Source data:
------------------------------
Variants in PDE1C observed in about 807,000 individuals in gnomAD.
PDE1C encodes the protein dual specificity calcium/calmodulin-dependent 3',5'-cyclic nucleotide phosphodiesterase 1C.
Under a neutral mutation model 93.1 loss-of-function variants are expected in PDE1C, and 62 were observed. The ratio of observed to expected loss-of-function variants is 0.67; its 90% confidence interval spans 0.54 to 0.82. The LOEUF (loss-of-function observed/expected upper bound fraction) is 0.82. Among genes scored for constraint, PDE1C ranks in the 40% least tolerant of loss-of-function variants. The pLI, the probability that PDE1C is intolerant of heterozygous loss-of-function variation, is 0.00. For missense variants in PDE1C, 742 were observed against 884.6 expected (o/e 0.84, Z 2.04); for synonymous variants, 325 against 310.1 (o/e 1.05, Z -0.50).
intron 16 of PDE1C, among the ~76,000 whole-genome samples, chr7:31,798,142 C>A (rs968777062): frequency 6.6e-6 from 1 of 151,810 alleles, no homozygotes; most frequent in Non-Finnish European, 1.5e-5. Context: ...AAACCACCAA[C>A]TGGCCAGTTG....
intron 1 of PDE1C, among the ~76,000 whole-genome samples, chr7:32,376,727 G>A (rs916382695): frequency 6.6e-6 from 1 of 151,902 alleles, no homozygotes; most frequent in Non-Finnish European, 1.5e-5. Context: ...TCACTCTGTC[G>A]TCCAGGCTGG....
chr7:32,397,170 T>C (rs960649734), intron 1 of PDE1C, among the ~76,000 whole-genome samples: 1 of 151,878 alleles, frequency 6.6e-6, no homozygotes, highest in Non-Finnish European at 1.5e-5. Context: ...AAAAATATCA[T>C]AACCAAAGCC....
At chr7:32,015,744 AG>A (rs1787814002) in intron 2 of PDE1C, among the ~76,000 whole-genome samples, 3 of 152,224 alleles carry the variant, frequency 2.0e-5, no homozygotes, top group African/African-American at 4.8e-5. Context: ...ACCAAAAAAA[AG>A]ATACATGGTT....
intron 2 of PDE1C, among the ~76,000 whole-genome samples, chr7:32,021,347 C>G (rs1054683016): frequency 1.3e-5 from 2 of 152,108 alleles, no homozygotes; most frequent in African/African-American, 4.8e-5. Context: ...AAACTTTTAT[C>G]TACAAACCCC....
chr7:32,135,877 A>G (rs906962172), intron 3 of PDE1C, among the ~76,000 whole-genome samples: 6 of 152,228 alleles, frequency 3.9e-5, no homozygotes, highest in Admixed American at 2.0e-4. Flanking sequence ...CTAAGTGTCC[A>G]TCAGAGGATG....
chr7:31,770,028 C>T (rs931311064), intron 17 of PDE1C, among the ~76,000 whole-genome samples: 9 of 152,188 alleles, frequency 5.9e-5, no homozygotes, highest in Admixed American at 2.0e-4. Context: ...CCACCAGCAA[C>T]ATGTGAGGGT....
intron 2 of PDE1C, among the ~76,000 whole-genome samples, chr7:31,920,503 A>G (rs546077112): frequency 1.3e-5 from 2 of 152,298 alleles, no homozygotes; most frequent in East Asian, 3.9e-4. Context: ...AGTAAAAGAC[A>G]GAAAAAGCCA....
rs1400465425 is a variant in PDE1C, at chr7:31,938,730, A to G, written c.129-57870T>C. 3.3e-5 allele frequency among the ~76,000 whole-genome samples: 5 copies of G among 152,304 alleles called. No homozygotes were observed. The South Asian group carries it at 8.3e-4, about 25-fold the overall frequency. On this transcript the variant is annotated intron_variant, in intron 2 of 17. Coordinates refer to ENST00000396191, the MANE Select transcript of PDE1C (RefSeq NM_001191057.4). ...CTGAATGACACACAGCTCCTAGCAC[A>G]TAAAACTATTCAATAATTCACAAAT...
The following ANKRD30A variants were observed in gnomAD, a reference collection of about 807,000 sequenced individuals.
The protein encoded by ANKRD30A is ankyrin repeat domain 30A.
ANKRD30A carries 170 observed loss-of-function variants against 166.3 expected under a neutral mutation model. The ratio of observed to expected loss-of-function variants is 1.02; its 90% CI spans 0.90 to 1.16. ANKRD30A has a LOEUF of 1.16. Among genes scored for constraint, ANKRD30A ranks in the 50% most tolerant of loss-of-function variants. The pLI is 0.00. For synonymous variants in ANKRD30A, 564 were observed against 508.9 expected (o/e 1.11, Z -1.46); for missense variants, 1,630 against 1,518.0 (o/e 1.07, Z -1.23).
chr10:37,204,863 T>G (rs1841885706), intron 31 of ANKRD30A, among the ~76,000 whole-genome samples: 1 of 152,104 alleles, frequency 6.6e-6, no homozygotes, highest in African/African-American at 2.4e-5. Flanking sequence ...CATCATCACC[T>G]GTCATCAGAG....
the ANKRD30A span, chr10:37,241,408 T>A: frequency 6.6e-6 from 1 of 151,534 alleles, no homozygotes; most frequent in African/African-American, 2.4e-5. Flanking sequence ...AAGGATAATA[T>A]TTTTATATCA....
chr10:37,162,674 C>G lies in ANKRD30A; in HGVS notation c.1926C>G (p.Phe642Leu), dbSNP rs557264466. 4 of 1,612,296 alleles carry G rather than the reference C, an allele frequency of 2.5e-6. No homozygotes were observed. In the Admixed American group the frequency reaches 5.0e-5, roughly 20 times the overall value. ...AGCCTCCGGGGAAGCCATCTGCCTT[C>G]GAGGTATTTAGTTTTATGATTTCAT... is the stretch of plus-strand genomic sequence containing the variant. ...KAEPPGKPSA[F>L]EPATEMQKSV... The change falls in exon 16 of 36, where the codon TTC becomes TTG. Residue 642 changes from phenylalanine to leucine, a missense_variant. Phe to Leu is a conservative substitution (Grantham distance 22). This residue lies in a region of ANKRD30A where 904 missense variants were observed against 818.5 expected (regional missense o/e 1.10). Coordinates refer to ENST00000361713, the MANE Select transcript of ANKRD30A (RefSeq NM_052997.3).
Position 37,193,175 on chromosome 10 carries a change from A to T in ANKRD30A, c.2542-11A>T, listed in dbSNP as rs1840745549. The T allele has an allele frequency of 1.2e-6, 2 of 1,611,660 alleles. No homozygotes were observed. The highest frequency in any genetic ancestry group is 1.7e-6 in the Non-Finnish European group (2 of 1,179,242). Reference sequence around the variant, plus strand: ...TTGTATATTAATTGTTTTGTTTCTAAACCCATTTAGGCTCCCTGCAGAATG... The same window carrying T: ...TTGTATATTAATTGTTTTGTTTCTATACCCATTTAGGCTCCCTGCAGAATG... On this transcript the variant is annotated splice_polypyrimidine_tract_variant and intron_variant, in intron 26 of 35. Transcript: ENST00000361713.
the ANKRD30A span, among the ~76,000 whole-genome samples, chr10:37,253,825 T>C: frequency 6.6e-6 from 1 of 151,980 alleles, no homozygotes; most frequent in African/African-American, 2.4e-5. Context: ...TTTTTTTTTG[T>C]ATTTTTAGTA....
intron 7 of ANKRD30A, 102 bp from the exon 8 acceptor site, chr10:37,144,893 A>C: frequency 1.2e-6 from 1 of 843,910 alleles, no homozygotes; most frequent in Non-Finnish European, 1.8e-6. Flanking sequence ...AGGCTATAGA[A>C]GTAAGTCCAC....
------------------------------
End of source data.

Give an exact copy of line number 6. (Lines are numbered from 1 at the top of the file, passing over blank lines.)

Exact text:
chr7:32,397,170 T>C (rs960649734), intron 1 of PDE1C, among the ~76,000 whole-genome samples: 1 of 151,878 alleles, frequency 6.6e-6, no homozygotes, highest in Non-Finnish European at 1.5e-5. Context: ...AAAAATATCA[T>C]AACCAAAGCC....